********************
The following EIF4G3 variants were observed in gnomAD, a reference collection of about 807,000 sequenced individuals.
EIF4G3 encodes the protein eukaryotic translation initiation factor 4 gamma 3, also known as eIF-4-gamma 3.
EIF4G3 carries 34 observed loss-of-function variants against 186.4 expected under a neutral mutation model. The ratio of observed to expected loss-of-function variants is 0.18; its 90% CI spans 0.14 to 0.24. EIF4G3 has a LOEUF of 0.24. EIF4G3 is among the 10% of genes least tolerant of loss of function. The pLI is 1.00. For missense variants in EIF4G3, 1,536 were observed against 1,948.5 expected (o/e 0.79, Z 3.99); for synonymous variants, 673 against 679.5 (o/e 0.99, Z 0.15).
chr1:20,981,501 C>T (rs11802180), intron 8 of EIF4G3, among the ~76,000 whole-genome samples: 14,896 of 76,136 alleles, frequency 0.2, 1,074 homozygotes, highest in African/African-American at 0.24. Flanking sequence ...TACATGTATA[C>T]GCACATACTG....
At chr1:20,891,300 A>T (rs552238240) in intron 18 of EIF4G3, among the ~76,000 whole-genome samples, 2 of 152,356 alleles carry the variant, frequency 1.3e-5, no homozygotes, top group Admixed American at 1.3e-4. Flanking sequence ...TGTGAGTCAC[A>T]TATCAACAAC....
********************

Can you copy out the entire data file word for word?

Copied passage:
The following EIF4G3 variants were observed in gnomAD, a reference collection of about 807,000 sequenced individuals.
EIF4G3 encodes the protein eukaryotic translation initiation factor 4 gamma 3, also known as eIF-4-gamma 3.
EIF4G3 carries 34 observed loss-of-function variants against 186.4 expected under a neutral mutation model. The ratio of observed to expected loss-of-function variants is 0.18; its 90% CI spans 0.14 to 0.24. EIF4G3 has a LOEUF of 0.24. EIF4G3 is among the 10% of genes least tolerant of loss of function. The pLI is 1.00. For missense variants in EIF4G3, 1,536 were observed against 1,948.5 expected (o/e 0.79, Z 3.99); for synonymous variants, 673 against 679.5 (o/e 0.99, Z 0.15).
chr1:20,981,501 C>T (rs11802180), intron 8 of EIF4G3, among the ~76,000 whole-genome samples: 14,896 of 76,136 alleles, frequency 0.2, 1,074 homozygotes, highest in African/African-American at 0.24. Flanking sequence ...TACATGTATA[C>T]GCACATACTG....
At chr1:20,891,300 A>T (rs552238240) in intron 18 of EIF4G3, among the ~76,000 whole-genome samples, 2 of 152,356 alleles carry the variant, frequency 1.3e-5, no homozygotes, top group Admixed American at 1.3e-4. Flanking sequence ...TGTGAGTCAC[A>T]TATCAACAAC....